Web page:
Skip to main contentA logo with &quat;the muse&quat; in dark blue text.
Advice / Succeeding at Work / Getting Ahead

3 Lessons I Learned About How to Teach a Workshop (When I Did It for the First Time)

audience listening to a person speaking
izusek/Getty Images

One of my goals for my business this year was to step outside of my comfort zone and try new things. For instance, I was dying to try running a workshop.

Writing is at the core of my business—but I also happen to be an extrovert, so workshops seemed like a great way to connect with other people. While I was doing a 30-day networking challenge, I met a local career coach here in Portland who coordinates speakers and workshops for WomenWorkPDX, a monthly co-working and networking event for women in the area. We got together for coffee, I pitched her an idea, and after some fine-tuning, I officially had my first workshop booked—a presentation on “time management hacks to help you excel at work (and in life!).”

I made my debut last month at CENTRL Office, a local co-working space, and for a first-timer? I’m pretty darn proud of myself. The event went well, the women who attended seemed engaged, and planning and presenting challenged me in new and different ways (which was exactly what I was looking for).

But that doesn’t mean everything went perfectly! I definitely learned a few lessons along the way, and now that I officially have my first workshop under my belt, there are some things I’d do differently the next time around.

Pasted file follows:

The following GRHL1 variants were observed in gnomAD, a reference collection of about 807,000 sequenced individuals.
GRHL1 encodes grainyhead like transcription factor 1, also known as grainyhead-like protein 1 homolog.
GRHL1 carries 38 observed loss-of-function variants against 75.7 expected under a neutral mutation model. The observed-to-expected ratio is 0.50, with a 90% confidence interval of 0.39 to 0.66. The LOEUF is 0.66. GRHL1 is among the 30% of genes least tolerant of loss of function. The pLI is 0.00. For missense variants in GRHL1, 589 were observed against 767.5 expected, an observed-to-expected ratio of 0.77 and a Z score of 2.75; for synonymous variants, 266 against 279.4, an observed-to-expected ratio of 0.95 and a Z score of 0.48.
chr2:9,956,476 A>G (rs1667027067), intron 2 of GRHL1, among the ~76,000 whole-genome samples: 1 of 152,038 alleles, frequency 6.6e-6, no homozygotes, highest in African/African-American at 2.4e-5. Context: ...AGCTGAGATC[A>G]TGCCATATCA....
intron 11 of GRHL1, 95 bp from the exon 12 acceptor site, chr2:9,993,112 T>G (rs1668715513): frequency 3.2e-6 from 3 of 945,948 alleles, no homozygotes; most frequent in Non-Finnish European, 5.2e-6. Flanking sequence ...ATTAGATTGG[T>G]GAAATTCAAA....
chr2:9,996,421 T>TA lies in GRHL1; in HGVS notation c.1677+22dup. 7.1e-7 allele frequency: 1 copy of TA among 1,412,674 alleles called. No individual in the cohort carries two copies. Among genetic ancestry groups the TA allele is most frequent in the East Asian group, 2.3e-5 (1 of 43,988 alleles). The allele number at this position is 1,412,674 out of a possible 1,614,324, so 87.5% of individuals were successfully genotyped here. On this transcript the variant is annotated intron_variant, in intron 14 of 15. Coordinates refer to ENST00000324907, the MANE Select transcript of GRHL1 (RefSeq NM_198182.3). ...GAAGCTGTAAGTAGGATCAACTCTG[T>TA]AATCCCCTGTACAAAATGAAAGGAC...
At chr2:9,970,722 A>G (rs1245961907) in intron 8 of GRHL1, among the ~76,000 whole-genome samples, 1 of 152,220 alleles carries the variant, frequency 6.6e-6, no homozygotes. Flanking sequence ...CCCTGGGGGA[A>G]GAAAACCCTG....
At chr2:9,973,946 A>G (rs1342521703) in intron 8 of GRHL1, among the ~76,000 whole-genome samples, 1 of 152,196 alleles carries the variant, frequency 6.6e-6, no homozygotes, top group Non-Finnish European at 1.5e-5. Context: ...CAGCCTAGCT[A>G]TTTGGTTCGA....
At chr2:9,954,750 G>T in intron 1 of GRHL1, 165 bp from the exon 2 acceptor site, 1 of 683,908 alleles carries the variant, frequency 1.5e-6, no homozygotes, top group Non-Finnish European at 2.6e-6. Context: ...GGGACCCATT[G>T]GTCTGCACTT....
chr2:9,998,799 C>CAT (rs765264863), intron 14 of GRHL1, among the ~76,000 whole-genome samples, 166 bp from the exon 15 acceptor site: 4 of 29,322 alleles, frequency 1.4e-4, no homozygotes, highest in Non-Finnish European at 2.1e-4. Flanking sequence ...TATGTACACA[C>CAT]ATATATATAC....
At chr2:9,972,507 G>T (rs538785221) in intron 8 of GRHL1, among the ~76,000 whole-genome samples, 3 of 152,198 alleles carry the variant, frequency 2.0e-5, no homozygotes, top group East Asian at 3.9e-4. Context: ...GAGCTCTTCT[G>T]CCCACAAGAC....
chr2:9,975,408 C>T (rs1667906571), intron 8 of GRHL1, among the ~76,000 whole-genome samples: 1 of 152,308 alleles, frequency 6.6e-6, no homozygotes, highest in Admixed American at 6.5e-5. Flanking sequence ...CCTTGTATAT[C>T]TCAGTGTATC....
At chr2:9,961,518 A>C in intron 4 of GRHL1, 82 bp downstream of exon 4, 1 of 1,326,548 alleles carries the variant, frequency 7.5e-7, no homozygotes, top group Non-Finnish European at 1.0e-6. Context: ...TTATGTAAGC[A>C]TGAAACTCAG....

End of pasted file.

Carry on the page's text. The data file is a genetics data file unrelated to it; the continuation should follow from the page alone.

Focus on What You’re Good At

There are a lot of moving parts when you’re putting on a workshop; you need to research your topic, create an outline, write out your bullet points, create your slides, and more. It’s a lot to do—and, if you’re just one person (like I am!), it can feel like too much.

When I first started preparing, I thought I needed to do everything myself and quickly became overwhelmed. While I had no problem coming up with the workshop content (I am a writer, after all), I really struggled with how to translate that into a visual presentation.

In a lucky coincidence, I found my solution in the content I was preparing. One of the “hacks” I covered in my presentation was looking for opportunities to automate, delegate, and get things off your plate. I took my own advice and hired a graphic designer to help with my visuals.

Was it an investment? Absolutely. But it paid off in a major way. Having a designer handle the slides literally saved me hours of work and allowed me to spend more time focusing on everything else. As a result, I felt comfortable and confident with the content—and the visual part looked about a million times better than anything I could have pulled together (no matter how many hours I worked on it).

Make Sure You Have the Right Technology on Hand

I spent a lot of time in the weeks leading up to the workshop practicing my talk, working with the designer, and making sure I had all the handouts I needed for a successful presentation.